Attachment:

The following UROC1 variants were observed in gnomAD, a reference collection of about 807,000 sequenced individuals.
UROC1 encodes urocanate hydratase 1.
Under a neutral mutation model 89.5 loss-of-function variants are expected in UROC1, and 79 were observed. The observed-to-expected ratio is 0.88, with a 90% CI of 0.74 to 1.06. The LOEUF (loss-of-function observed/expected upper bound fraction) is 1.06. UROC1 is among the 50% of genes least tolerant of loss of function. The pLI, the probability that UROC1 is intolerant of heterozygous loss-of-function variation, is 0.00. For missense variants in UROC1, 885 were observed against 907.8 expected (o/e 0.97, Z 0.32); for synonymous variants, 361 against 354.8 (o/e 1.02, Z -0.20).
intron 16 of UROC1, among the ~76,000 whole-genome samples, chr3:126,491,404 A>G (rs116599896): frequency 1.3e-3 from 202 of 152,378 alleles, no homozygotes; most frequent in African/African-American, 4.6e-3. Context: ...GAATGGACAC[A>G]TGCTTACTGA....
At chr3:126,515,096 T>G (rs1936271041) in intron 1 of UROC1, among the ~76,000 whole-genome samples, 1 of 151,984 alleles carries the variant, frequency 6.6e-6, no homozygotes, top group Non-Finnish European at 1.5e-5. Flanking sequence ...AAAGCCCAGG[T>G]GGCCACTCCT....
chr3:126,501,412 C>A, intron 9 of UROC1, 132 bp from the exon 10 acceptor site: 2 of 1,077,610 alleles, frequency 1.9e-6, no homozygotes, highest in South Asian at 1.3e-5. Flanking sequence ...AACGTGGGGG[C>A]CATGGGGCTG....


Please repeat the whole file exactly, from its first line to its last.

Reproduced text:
The following UROC1 variants were observed in gnomAD, a reference collection of about 807,000 sequenced individuals.
UROC1 encodes urocanate hydratase 1.
Under a neutral mutation model 89.5 loss-of-function variants are expected in UROC1, and 79 were observed. The observed-to-expected ratio is 0.88, with a 90% CI of 0.74 to 1.06. The LOEUF (loss-of-function observed/expected upper bound fraction) is 1.06. UROC1 is among the 50% of genes least tolerant of loss of function. The pLI, the probability that UROC1 is intolerant of heterozygous loss-of-function variation, is 0.00. For missense variants in UROC1, 885 were observed against 907.8 expected (o/e 0.97, Z 0.32); for synonymous variants, 361 against 354.8 (o/e 1.02, Z -0.20).
intron 16 of UROC1, among the ~76,000 whole-genome samples, chr3:126,491,404 A>G (rs116599896): frequency 1.3e-3 from 202 of 152,378 alleles, no homozygotes; most frequent in African/African-American, 4.6e-3. Context: ...GAATGGACAC[A>G]TGCTTACTGA....
At chr3:126,515,096 T>G (rs1936271041) in intron 1 of UROC1, among the ~76,000 whole-genome samples, 1 of 151,984 alleles carries the variant, frequency 6.6e-6, no homozygotes, top group Non-Finnish European at 1.5e-5. Flanking sequence ...AAAGCCCAGG[T>G]GGCCACTCCT....
chr3:126,501,412 C>A, intron 9 of UROC1, 132 bp from the exon 10 acceptor site: 2 of 1,077,610 alleles, frequency 1.9e-6, no homozygotes, highest in South Asian at 1.3e-5. Flanking sequence ...AACGTGGGGG[C>A]CATGGGGCTG....